Ford trumpets the triumphant return of the GT to Le Mans on the 50th anniversary of Ford’s first win — a valiant 1-2-3 checkered flag pass across the finish line in 1966. Here’s how it shook out — No. 68 Ford GT of Sébastien Bourdais (FRA), Joey Hand (US) and Dirk Müller (GER) crossed the finish line at Le Mans at three o’clock on Sunday, as the overall GT winner of the 2016 Le Mans 24 Hours. No. 69 Ford GT of Ryan Briscoe (AUS), Scott Dixon (NZ) and Richard Westbrook (GB) joined the winners on the podium after scoring third place. Nos. 66 and 67 Ford GTs finished in fourth and ninth places, respectively. Not bad after a 46-year hiatus. Bill Ford spoke, “This is an historic moment for Ford Motor Company. We dared to dream that we could return to Le Mans, 50 years after the incredible 1966 win, and take on the toughest competition in the world. The pride we all felt when the Ford GT crossed the line at Le Mans is indescribable.” With raw emotion, Mr. Ford said, “The team that designed, built and raced the Ford GT has worked tirelessly to bring us to this result and I am proud of each and every one of them.” He added, “The Ford Chip Ganassi Racing team demonstrated the spirit of Ford, that of innovation, determination and true teamwork. We cherish our history and heritage, but today we made history again and I couldn't be more proud.”

Mark Fields, President and Chief Executive Officer at Ford, said, “Building a new car and racing it at Le Mans is a monumental task. We took it on and we conquered the biggest challenge in sports car racing, the Le Mans 24 Hours. It has been incredible to share this event with our dealers, owners, employees, sponsors and guests who are all bursting with pride at being part of the Ford family.” Fields went on to say, “Every manufacturer in the GTE Pro class fought with everything they had in the best competitive spirit, and we are thrilled to have played our part in this incredible race.”

The No. 68 car driven by Sébastien Bourdais (FRA), Joey Hand (US) and Dirk Müller (GER) crossed the finish line at Le Mans as the overall GT winner of the 2016 Le Mans 24 Hours. A fabulous return to Le Mans for Ford after 46 years.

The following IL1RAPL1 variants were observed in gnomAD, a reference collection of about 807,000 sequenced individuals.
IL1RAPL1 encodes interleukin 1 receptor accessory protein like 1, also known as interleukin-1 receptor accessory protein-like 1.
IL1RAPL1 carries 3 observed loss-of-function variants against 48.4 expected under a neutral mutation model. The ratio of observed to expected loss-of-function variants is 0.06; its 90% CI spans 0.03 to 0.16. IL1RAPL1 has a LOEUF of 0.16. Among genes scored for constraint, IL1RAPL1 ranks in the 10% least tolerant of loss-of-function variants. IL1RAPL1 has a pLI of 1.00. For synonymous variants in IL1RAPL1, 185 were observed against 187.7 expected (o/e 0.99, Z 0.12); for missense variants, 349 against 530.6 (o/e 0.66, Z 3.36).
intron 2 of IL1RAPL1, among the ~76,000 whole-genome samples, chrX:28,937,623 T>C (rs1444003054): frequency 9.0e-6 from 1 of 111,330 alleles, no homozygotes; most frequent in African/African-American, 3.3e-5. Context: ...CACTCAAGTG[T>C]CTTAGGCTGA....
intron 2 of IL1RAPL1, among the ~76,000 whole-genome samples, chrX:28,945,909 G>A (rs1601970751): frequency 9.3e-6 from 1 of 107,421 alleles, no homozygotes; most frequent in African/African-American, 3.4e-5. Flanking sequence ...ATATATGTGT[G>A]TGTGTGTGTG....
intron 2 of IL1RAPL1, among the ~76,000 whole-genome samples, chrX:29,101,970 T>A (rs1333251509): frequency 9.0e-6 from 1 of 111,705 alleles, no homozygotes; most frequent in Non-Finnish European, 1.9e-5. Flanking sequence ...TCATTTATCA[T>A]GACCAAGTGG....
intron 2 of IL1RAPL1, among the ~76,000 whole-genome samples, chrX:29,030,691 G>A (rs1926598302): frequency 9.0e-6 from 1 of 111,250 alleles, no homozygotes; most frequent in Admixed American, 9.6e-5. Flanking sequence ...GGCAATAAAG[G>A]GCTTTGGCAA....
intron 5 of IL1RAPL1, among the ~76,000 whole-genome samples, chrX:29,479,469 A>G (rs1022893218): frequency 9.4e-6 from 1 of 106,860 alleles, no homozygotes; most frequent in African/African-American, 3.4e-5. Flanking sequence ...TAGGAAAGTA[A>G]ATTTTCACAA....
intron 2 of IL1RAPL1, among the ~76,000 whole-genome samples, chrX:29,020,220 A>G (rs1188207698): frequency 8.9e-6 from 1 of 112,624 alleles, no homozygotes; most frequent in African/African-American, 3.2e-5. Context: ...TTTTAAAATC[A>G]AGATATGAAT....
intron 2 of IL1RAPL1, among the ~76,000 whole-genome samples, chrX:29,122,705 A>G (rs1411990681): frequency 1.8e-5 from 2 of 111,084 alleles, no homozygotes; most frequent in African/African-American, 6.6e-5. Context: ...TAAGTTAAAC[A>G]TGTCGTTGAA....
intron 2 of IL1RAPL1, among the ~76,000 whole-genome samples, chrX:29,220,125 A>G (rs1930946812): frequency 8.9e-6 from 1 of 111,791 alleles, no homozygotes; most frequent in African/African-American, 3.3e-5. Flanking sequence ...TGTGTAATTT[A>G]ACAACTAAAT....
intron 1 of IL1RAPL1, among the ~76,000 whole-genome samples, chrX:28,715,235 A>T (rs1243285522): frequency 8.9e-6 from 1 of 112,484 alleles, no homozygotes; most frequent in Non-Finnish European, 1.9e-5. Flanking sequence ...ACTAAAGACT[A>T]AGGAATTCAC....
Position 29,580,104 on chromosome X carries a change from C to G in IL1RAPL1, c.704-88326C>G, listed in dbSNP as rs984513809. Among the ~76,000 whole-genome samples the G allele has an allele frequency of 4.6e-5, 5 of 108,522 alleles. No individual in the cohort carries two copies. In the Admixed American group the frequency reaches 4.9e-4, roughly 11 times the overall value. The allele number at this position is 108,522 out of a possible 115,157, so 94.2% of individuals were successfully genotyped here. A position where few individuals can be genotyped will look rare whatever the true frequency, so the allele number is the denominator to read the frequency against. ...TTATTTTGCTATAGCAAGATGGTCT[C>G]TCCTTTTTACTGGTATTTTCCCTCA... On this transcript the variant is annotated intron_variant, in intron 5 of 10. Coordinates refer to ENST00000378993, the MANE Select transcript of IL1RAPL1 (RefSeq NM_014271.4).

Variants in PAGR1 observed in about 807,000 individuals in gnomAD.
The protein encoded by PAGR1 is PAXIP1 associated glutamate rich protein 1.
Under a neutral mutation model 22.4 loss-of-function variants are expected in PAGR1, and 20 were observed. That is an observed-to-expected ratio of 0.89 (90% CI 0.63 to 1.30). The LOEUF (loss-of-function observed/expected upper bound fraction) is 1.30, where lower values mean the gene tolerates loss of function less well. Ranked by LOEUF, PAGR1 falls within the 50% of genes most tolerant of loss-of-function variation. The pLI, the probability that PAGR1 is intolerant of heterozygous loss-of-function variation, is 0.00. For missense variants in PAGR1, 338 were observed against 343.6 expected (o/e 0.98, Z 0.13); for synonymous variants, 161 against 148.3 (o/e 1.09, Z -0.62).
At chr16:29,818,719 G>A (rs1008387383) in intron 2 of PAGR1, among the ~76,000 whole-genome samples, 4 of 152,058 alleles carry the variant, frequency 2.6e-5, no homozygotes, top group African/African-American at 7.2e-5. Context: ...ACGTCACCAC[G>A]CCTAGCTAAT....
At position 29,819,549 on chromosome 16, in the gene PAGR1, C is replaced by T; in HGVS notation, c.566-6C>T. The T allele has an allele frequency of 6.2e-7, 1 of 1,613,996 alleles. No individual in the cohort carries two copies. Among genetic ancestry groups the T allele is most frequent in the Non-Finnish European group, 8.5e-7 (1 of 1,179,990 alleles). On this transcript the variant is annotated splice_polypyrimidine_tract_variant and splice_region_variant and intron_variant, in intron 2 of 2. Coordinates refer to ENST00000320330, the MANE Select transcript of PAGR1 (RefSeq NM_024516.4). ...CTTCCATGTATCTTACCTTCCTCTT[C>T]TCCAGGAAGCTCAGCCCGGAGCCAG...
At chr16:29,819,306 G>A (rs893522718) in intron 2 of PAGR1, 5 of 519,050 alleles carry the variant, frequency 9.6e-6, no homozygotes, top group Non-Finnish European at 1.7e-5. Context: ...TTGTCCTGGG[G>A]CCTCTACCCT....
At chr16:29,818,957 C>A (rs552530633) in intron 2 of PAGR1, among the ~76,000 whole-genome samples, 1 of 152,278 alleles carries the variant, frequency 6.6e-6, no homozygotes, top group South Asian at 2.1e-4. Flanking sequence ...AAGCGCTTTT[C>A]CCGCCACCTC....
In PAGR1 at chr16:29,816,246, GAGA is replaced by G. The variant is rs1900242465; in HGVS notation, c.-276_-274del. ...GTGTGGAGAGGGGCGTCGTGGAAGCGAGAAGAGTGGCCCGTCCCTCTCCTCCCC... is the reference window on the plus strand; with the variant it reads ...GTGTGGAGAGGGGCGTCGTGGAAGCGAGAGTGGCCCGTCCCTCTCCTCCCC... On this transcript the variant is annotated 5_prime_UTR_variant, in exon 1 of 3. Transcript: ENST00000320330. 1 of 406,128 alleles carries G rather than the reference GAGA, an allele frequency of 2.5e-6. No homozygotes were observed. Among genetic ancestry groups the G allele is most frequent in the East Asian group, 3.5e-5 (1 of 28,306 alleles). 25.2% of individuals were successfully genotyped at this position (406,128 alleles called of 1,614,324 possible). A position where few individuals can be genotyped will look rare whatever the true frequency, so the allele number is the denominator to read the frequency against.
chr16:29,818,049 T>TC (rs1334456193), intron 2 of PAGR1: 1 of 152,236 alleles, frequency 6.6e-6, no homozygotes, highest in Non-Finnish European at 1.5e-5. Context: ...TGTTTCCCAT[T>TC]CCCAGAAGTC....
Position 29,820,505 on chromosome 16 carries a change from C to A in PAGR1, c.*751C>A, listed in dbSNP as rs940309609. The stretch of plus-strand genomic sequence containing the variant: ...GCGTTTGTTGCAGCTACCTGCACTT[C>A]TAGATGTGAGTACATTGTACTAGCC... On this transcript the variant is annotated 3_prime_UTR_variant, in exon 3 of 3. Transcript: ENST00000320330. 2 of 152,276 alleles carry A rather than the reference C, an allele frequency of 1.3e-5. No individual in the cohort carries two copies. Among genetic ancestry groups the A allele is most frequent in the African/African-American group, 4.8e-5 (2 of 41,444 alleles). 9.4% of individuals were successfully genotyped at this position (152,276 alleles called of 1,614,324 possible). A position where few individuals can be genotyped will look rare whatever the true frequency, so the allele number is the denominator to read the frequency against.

One cannot comprehend the stress, sweat, and stamina it takes to compete at Le Mans. After one hell of a battle with the No. 82 Ferrari, the No. 68 Ford GT driven by Hand took the lead for the final time in the 20th hour of the race. On the three occasions that the Ford driven by Hand passed the Ferrari, it rekindled a 50-year-old rivalry between the two car manufacturers.

“It’s a big deal to come back here 50 years after the Ford win in 1966,” Hand commented, “We said we wanted to win but to actually do it is huge. This team has come so far in a short amount of time. They all worked hard, right through Christmas and New Years and gave us a race car we can race hard. We drove like it was a sprint race for 24 hours. I’ve won a lot of races and this is a big one. I’m honored to be part of this programm. I’m a red, white and blue guy so to be part of the Ford family, where they treat you like their own, is a great place to be.”

“It’s an unbelievable feeling to be able to make this happen,” Bourdais commented, “There was so much effort, so much emotion, and to be the one that wins the trophy to give to the Ford family and everyone involved is very special. Everything aligned for us today — the history, the Ferrari/Ford battle, 50 years on and the Ford family being here. To come out on top of all that is an amazing feeling.”

Ford tells us the No. 66 Ford GT, driven by Billy Johnson (US), Stefan Mücke (GER) and Olivier Pla (FRA) was in contention for a top finish early in the race, however, a small electrical problem set them back. And this is what you can expect at the Le Mans 24 Hours, one extra moment in the pits is all it takes to become way behind with no chance of winning the race. No. 67 Ford GT of Marino Franchitti (GB), Andy Priaulx (GB) and Harry Tincknell (GB) suffered from a transmission problem at the start of the race so they had to play catch up. Yet these guys came in ninth. Not bad.

Perhaps this return to Le Mans 50 years after coming out on top four years in a row signals a real return to racing for Ford Motor Company. Only time will tell. But, one thing is certain — you can bet we will be watching.